Janssen Posts Positive HDFN Data Amid Reports of Global Overhaul

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Courtesy of Michael Vi/Shutterstock 

Janssen, the pharmaceutical division of J&J, posted positive topline data Monday from a mid-stage trial assessing nipocalimab in a rare disease that affects some people early in life. 

Nipocalimab is a monoclonal antibody that selectively blocks the Fc receptor. The intention is to reduce levels of circulating immunoglobulin G (IgG) antibodies, including autoantibodies and alloantibodies. 

In a previous interview with BioSpace, Neely Mozaffarian, M.D., Ph.D., former vice president and autoantibody pathway area leader, and Hong Sun, M.D., Ph.D., senior director, global compound development team leader, called nipocalimab a “pipeline in a pathway.”

One of its targets is severe hemolytic disease of the fetus and newborn (HDFN), a disorder that occurs when the blood types of a mother and baby are incompatible. Extremely rare, the condition occurs in three to 80 out of 100,000 pregnancies in the U.S. each year.

During pregnancy, the maternal IgG alloantibodies move across the placenta and attack fetal red blood cells, causing fetal hemolysis leading to anemia, said Katie Abouzahr, M.D., current vice president, autoantibody portfolio development leader at Janssen Research & Development, LLC. in a statement e-mailed to BioSpace.

The severe form of HDFN, which is categorized as an ultra-rare disease, can lead to hydrops and can even be life-threatening, she said. 

There are currently no approved treatments for HDFN.

In the Phase II proof of concept UNITY trial, nipocalimab met the primary endpoint with the majority of pregnancies resulting in a live birth at or after 32 weeks following approximately 20 weeks of treatment with no need for intrauterine transfusion at any time during the pregnancy.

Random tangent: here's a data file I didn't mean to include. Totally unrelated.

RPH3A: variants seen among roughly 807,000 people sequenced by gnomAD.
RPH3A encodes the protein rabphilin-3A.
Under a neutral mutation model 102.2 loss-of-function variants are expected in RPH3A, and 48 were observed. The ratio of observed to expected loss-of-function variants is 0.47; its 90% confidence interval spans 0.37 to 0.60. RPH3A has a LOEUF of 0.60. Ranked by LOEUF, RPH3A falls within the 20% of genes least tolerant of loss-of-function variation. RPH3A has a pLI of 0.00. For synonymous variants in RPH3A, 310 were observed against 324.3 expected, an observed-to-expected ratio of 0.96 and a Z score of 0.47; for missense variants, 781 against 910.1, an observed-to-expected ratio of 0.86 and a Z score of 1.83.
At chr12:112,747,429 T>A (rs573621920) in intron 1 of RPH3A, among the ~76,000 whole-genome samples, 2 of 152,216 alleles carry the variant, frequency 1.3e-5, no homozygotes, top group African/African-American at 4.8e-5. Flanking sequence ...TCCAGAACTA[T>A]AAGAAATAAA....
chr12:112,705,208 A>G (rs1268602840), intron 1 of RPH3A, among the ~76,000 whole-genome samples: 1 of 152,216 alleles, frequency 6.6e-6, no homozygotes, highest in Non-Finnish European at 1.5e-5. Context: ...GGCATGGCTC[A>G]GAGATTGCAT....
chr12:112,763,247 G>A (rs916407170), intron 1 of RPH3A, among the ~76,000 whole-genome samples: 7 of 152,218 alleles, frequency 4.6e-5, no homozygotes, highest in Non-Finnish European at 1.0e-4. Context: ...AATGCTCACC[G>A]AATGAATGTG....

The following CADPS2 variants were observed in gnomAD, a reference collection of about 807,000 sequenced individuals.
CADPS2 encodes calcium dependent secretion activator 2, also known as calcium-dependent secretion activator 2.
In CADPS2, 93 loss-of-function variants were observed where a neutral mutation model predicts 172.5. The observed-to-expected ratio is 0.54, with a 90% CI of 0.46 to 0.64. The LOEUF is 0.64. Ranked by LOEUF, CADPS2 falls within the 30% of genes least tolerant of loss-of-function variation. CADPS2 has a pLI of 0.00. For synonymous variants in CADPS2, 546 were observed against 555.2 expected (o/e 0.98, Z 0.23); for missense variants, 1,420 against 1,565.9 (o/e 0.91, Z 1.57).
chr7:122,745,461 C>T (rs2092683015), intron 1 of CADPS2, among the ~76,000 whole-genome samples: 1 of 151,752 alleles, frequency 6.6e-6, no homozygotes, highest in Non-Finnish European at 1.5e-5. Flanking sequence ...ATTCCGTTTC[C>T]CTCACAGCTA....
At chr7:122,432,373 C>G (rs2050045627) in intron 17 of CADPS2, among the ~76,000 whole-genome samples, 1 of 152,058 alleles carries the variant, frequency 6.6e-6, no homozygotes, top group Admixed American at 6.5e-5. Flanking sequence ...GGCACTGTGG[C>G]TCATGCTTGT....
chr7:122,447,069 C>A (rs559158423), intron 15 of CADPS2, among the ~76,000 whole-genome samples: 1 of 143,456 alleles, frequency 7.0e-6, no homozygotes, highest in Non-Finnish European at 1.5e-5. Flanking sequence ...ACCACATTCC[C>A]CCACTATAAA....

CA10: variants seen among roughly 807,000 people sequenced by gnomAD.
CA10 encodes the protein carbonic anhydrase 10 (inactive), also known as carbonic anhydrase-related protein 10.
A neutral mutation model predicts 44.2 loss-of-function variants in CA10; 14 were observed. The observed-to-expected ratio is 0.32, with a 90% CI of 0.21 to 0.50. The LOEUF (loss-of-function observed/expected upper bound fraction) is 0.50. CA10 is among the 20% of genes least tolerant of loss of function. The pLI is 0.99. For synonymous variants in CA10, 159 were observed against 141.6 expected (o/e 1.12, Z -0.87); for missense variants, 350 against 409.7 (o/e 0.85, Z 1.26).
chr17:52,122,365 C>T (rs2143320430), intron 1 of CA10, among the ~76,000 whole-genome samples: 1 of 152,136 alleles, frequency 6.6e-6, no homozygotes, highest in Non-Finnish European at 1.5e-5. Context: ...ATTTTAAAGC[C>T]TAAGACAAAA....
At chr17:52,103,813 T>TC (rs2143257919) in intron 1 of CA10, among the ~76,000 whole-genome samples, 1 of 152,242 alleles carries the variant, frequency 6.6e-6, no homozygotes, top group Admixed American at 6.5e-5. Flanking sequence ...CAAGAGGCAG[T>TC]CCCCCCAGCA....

The trial consisted of 14 patients who were given weekly intravenous infusions.

In parents, Janssen monitored for adverse events up to approximately 24 weeks after delivery. In children, the company tracked adverse events for approximately 96 weeks.

Janssen is currently developing the design of a pivotal Phase III trial and aims to begin enrollment later in 2023, Abouzahr said. 

"Our goal with this clinical program is to help address HDFN beyond the high-risk patient population."  

Pipeline in a Pathway

The nipocalimab portfolio consists of diseases driven by autoantibodies and alloantibodies. These include generalized myasthenia gravis (MG), warm autoimmune hemolytic anemia (wAIHA) and inflammatory demyelinating polyneuropathy. 

Nipocalimab is currently in Phase III development for MG, wAIHA and inflammatory demyelinating polyneuropathy. A pediatric MG program is in Phase II studies.

As part of the adult MG trial, Janssen will evaluate the safety, tolerability and efficacy of nipocalimab in patients who have had an insufficient response to ongoing, standard-of-care therapy, Abouzahr said. 

Monday’s nipocalimab update follows reports that Janssen is consolidating its vaccines and infectious diseases units and undergoing a "comprehensive review" of its portfolio.

The reports, stemming from internal documents and video from a town hall meeting obtained by Fierce Pharma, included a warning about “sweeping layoffs” impacting several countries.   

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